I'll never get a convertible because of this fear."
"I'm a former paramedic of 15 years.
The worst call I ever ran was a shaken baby. A mother couldn't get her 1-month-old baby to stop crying so she shook him, causing massive damage to his brain. The baby went into what we call status epilepticcus which is a non-stop seizure, then she called 911.
The filth of that trailer; the smell, human feces, old rotting pizza boxes, cat poop, that overwhelming cat urine/ammonia smell, dirty diapers, used needles, smoke butts; it still haunts me to this day. The little helpless infant writhing in this filth while Mom made a pop tart in the midst of the suffering that she caused. That call permanently changed me."
"I'm a former EMT. When I had less than 1 year as an on-call and 3 years as beach EMT/Lifeguard, this happened. This is the call that made me quit.
My unit gets called to a multi-car collision on the interstate. We arrive to a sedan on it's side in the right lane and an SUV in the median over top of the cable stop. Two men and one female adults are walking around with minor scrapes, the woman is hysterical though. Fire rescue was working on the SUV. When it rolled, it had landed on the post perfectly, squishing the child in the center car seat. The 5 y/o sister was pinned by the neck and waist to the seat, and the 7-year-old brother was decapitated with his head sitting on the roof, basically looking at his younger sister. I removed the head and talked to the little girl, who was the age of my daughter at the time, telling her she would be okay.
Fire rescue cut the cables to release her from the seat and because there was tension on the cables, they moved and basically sliced her in half. She didn't make it the 20 feet to the ambulance and literally died in my arms.
Funny enough, I never blamed myself. I laid a lot of blame on the people around me. My wife and daughter dealt with the worst of me. Biggest thing for me was to keep busy. I went back to school and earned a degree in IT. Now I work at a great company where I can indirectly improve the lives of others."
"Not the goriest, but maybe the most bizarre.
Guy wanted to commit suicide. He got his SUV, left the back window open, attached a metal cable around his neck in the driver seat and strung it out the back window and wrapped it around a tree. He hit the gas, the truck lurched forward and decapitated him.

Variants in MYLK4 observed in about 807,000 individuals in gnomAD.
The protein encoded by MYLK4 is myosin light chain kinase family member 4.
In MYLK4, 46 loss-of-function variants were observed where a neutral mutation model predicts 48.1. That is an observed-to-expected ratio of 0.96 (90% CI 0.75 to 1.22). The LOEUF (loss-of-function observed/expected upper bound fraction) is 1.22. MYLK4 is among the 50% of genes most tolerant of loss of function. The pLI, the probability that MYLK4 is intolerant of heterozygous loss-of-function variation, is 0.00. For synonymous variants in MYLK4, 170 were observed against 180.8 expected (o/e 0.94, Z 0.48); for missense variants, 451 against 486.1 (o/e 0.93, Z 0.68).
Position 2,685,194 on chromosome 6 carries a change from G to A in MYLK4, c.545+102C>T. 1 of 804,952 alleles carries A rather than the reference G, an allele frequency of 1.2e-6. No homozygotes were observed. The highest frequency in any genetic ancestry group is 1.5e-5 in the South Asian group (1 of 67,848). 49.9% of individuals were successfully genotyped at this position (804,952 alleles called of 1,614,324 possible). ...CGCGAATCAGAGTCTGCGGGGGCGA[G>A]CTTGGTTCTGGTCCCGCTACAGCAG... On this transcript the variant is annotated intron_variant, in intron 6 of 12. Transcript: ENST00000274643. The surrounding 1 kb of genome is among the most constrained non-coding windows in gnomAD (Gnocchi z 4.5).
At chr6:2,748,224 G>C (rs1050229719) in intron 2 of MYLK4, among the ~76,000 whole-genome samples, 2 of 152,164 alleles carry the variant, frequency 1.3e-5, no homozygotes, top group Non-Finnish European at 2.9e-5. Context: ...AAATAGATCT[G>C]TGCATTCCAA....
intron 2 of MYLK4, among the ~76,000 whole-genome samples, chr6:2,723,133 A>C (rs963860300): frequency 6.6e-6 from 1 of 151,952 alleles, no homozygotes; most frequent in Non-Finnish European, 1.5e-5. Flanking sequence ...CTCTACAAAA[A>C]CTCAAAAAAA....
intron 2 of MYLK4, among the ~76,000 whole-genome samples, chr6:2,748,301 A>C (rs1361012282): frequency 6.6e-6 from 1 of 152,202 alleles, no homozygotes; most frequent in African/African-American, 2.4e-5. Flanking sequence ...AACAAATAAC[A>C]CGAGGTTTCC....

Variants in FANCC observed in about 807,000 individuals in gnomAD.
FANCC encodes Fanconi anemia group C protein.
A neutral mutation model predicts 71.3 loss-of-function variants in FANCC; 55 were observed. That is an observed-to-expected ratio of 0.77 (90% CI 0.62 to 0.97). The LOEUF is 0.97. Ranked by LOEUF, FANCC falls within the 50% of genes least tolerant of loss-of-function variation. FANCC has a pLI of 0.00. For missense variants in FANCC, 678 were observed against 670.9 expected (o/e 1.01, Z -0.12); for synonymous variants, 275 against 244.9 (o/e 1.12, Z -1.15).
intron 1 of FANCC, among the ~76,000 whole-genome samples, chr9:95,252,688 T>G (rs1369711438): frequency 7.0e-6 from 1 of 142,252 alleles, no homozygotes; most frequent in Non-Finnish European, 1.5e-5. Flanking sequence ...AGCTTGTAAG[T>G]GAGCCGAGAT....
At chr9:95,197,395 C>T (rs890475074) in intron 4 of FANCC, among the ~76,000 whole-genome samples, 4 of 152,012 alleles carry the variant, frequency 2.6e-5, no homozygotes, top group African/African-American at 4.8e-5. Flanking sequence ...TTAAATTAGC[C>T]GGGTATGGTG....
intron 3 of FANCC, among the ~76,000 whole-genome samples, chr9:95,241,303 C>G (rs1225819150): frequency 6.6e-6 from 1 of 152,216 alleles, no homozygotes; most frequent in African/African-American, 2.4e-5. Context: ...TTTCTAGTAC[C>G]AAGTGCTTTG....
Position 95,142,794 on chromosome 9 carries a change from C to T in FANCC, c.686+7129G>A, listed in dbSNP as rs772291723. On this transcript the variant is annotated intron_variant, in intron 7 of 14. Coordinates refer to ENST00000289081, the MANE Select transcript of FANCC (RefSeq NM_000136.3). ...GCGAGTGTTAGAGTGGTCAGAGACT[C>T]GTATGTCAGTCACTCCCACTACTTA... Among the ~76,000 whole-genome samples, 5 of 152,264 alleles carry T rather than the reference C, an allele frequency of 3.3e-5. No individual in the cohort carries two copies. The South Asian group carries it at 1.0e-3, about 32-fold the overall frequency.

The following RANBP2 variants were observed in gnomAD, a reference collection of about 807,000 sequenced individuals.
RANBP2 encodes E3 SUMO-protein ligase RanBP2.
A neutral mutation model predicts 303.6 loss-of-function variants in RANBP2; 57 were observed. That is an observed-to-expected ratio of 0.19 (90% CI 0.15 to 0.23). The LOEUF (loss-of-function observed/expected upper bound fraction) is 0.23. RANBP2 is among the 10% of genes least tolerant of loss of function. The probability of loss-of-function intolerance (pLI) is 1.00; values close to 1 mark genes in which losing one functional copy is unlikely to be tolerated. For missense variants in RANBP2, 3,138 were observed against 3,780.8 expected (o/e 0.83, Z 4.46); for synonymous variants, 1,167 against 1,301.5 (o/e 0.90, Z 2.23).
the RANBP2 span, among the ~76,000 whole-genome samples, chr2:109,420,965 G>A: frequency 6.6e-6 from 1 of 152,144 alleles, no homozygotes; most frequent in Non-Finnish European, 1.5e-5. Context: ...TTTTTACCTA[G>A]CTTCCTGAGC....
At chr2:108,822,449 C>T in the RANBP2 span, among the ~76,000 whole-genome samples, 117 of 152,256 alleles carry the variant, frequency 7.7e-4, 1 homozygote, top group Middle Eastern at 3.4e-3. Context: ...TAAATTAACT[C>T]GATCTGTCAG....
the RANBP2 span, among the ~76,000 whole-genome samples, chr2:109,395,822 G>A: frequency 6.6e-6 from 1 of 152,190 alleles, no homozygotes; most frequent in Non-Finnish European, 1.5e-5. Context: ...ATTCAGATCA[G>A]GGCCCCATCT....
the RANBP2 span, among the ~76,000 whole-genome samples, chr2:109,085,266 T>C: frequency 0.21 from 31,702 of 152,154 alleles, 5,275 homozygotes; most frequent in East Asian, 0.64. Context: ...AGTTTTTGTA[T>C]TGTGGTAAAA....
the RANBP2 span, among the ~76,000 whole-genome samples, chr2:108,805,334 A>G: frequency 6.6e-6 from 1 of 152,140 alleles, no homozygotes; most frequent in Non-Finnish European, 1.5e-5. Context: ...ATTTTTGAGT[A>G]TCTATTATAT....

Probably one of the more inventive ways to kill one's self."
"I'm a cop.
I responded to a wreck where a guy was doing donuts in a gravel parking lot. He was showing his son around in his Jeep. He hit a bump and rolled the Jeep onto the roof. Neither were wearing their seat belts.
The kid had to sit there with his leg pinned under the roll bar, next to his dad whose head was crushed under the dash. He was there at least 20 minutes. I still remember that kid asking me in the back of the ambulance if his dad was dead. It was weird because this maybe 13-year-old kid was so calm. He asked, 'Is my dad dead? I hope he's not dead, because that'd be my worst nightmare.'
All I could say is we're going to do everything we can. Had to go notify the guys parents after. That was just as rough."
"I've had a couple of patients who, we'll say, just gave up on life, and have a particular presentation. The first patient I encountered like this sticks most poignantly in my mind.
We were called by family for a vague complaint of 'she just needs to be checked out.' The son had been bringing her some food, leaving it by her on her recliner for going on months now. He hadn't seen her in a different spot in all those months. She had a maid that came in and cleaned.
Anyway. She was oriented and with it, in an aging kind of way. The place had a certain smell, in a UTI possessing kind of way. She had her lap covered with blankets, as oldies do. After a long conversation with her refusing most assessments, we determine she is basically committing suicide by refusing to move or take care of herself. After talking with doctors and police, we move to take her onto our stretcher and into the hospital.